AS THEY SAY, forecasting is very difficult, particularly about the future. Hackneyed as this may be, it nicely encapsulates the need to take what anyone – however expert – says about the future with a large pinch of salt. This is particularly important as we are bombarded with projections about the future these days, largely because today’s IT makes it easier both to do the maths and to share the results.
This doesn’t mean that we don’t need forecasts, simply that we should put them in the right context and not assume they are automatically right. Those making the forecasts should be very well aware of their limitations (although human nature may sometimes get in the way of objectivity) but the rest of us usually receive the information via the filter of at least one layer of interpretation and rewording, often making them sound more certain than they really are.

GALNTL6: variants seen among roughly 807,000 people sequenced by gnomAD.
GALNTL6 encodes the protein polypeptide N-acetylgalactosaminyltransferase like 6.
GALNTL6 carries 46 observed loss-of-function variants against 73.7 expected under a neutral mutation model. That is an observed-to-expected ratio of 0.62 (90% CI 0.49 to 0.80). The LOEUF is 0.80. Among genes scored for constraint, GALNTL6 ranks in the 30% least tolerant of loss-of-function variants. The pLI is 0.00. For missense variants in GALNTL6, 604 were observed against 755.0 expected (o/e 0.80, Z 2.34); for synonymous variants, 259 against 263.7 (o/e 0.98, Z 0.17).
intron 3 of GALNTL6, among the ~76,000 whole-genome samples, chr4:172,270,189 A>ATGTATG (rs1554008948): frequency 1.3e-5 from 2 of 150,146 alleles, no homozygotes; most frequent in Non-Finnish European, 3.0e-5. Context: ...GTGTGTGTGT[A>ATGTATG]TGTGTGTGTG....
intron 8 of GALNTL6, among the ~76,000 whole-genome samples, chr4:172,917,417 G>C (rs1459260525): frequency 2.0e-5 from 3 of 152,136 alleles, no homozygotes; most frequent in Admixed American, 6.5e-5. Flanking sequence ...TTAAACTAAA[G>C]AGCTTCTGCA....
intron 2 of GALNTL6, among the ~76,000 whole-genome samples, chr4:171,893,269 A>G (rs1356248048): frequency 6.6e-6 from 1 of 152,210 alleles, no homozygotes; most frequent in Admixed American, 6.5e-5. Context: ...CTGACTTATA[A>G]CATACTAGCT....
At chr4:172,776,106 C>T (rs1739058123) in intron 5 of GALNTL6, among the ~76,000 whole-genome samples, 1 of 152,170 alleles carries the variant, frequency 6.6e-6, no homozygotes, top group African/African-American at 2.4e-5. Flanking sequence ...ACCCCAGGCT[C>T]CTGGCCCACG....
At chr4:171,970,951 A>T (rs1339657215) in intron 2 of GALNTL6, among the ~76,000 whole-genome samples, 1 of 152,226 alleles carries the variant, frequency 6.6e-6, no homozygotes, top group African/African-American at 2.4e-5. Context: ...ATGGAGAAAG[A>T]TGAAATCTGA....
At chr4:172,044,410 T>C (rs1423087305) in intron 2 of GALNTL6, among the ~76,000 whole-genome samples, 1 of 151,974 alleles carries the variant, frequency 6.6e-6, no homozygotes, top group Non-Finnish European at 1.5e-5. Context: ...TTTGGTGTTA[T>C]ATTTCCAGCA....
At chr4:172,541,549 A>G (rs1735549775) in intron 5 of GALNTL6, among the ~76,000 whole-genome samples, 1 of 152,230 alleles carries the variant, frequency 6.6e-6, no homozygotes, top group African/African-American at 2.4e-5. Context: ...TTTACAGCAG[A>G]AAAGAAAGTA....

Weather forecasts are a perfect example of the problems. It is quite possible to look at three different forecasts for your local area and get three different pictures of what the weather will be like. The Met Office and others make their projections for rain in terms of the percentage chance of precipitation and whether it is likely to be heavy or light. Also clouds, by their nature, are difficult to predict with certainty at times. This inherent uncertainty inevitably leads to different interpretations.
Some providers of the forecast to consumers, such as the main broadcast and internet media, put the projections in more black and white terms, based on their own interpretation. We, in turn, may then decide whether or not to take an umbrella with us. So, even if temperatures, wind speed and direction and overall amounts of sunshine may be pretty much the same in practice as predicted, if the pattern of rainfall is significantly different we regard the forecast as wrong.